Writer: Torben Betts
Director: Henry Bell
Designer: Lucy Weller
Reviewer: Ron Simpson
Torben Betts’ new play is firmly in a glorious Scarborough tradition. Those with long memories will recall the shock with which theatre-goers realised that those delightful Ayckbourn farces weren’t delightful at all, but had a full set of teeth and used them freely. The National Joke is mid-period Ayckbourn, brilliantly transformed for the 21st Century, not just in technical developments (the Twitterati have an important plot function), but in social attitudes, political concerns and the underlying sense of personal isolation.
As a family gathers in an opulent country house garden to watch a solar eclipse, it’s obvious from the start that there are major frictions: Rupert is barely on speaking terms with his wife, Olivia, because he has heard her in what he thinks is a compromising phone call with a man; Olivia might as well not be on speaking terms with her mother, Mary, whose constant litany of waspish complaints is not to be interrupted.
Rupert St John-Green is a long-standing Conservative MP whose upward progress was thrown off course by a drunken indiscretion in the Strangers’ Bar, but who has reasonable hopes of a knighthood. Olivia is his much younger second wife, he is her second husband. The unquestioning snobbery of her mother, now newly widowed, finds Rupert’s historic house and spacious grounds a relief after Olivia’s first marriage to a socially unacceptable Australian. Charlie, the daughter of that marriage, returns from college in Liverpool en route to moving to live with her father in Australia – and she brings with her Dan, a married counsellor who is in love with her.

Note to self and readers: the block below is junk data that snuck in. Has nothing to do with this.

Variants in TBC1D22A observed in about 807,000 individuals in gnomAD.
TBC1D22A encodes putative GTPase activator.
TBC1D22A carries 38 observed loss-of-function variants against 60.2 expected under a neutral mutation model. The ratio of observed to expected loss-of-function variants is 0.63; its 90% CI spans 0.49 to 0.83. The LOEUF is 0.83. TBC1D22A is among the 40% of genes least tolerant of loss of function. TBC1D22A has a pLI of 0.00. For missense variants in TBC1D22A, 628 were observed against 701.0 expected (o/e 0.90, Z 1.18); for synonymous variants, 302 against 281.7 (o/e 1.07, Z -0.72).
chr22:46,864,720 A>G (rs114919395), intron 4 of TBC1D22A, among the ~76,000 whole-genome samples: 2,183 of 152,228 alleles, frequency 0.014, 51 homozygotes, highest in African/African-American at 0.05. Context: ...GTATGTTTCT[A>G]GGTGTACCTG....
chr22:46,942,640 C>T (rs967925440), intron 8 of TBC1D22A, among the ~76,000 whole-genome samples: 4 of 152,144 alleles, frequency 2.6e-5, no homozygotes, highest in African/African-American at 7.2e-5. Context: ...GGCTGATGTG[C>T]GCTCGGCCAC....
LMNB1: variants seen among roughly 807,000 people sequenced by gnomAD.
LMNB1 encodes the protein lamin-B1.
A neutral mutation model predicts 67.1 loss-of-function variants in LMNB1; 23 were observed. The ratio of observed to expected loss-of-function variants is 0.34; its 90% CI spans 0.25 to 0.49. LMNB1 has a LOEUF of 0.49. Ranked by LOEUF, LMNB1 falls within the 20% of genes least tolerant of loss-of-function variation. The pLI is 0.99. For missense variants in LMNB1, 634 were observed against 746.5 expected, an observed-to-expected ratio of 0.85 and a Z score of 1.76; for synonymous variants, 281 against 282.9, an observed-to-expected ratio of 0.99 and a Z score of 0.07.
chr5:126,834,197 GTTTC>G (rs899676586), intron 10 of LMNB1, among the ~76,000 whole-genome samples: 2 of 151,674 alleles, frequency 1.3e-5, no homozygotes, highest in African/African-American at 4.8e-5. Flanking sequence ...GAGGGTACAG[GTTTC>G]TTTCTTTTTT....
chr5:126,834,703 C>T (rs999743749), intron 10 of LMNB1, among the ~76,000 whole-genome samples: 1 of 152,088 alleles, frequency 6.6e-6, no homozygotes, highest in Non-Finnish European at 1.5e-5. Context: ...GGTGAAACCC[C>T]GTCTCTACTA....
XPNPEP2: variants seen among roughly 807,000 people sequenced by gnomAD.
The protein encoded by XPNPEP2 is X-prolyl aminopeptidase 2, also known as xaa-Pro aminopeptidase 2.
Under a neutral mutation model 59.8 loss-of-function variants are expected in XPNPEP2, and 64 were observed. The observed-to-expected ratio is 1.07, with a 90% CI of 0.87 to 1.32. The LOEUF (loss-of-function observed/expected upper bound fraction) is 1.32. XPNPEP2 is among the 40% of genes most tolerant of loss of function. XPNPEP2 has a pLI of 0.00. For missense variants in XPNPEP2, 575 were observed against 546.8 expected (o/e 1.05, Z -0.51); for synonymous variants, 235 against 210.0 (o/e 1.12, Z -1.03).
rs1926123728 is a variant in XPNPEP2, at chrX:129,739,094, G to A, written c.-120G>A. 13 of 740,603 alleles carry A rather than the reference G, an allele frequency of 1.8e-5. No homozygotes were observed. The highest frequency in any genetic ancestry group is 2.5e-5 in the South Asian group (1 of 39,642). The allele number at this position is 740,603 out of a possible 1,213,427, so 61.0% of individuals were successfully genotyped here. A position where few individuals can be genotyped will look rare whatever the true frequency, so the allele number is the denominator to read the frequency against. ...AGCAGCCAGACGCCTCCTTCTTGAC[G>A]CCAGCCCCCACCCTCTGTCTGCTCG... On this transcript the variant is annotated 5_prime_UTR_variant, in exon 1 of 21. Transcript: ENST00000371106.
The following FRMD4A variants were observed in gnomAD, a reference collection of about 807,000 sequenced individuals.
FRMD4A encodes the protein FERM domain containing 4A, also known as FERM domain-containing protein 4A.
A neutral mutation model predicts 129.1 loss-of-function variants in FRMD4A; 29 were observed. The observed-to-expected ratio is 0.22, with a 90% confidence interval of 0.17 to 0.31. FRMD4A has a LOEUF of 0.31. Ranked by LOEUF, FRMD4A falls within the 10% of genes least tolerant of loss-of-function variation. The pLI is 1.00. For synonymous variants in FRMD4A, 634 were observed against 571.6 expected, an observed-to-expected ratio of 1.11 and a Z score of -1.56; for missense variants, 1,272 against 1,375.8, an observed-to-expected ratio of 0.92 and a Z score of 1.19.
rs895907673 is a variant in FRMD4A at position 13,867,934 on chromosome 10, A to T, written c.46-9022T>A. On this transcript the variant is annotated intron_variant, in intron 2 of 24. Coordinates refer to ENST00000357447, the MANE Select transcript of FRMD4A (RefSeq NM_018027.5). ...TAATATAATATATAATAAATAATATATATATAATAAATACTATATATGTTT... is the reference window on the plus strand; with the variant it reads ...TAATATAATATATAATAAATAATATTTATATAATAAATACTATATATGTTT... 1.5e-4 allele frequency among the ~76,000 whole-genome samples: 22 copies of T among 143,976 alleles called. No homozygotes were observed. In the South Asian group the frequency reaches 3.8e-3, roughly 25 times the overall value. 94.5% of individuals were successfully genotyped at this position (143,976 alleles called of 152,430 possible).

And this is only the start. Betts’ handling of the gradual revelation of secrets, some career- or life-threatening, some smaller-scale, is masterly, many of them secrets because nobody listens rather than through deliberate concealment. Huge gaps appear in characters’ knowledge of each other. Betts often uses two simultaneous conversations or one overlapping double-monologue of a conversation to reveal the power of language to fail to communicate. The revelations consistently surprise and convince, until the very end when, for the first time, the predictable and the sentimental break in.
Henry Bell directs with the utmost sharpness and precision in Lucy Weller’s attractive garden set, though perhaps Scarborough’s In the Round can’t quite suggest its splendour. In a uniformly excellent cast,the wonderful Annabel Leventon’s caustic and self-regarding Mary makes the early running as the character we love to hate (and laugh at). Cate Hamer as Olivia, apparently a harassed, well-intentioned wife dealing with herproblematic husband, mother and kids, gradually finds darker stranger depths.
Philip Bretherton’s Rupert unravels to spectacularly comic effect and Catherine Lamb (Charlie) perfectly combines the brightness and apparent honesty of youth with her own brand of duplicity and self-obsession. As for Dan, Guy Burgess seems a decent sort of chap, normal really, if with rather stereotypical left-wing views, but that’s before his angst-ridden confessions to a drunken Tory MP.
Is The National Joke a comedy? Probably, but let’s hedge our bets and call it a very funny, very bleak play.
Runs until 20 August 2016 | Image: Tony Bartholomew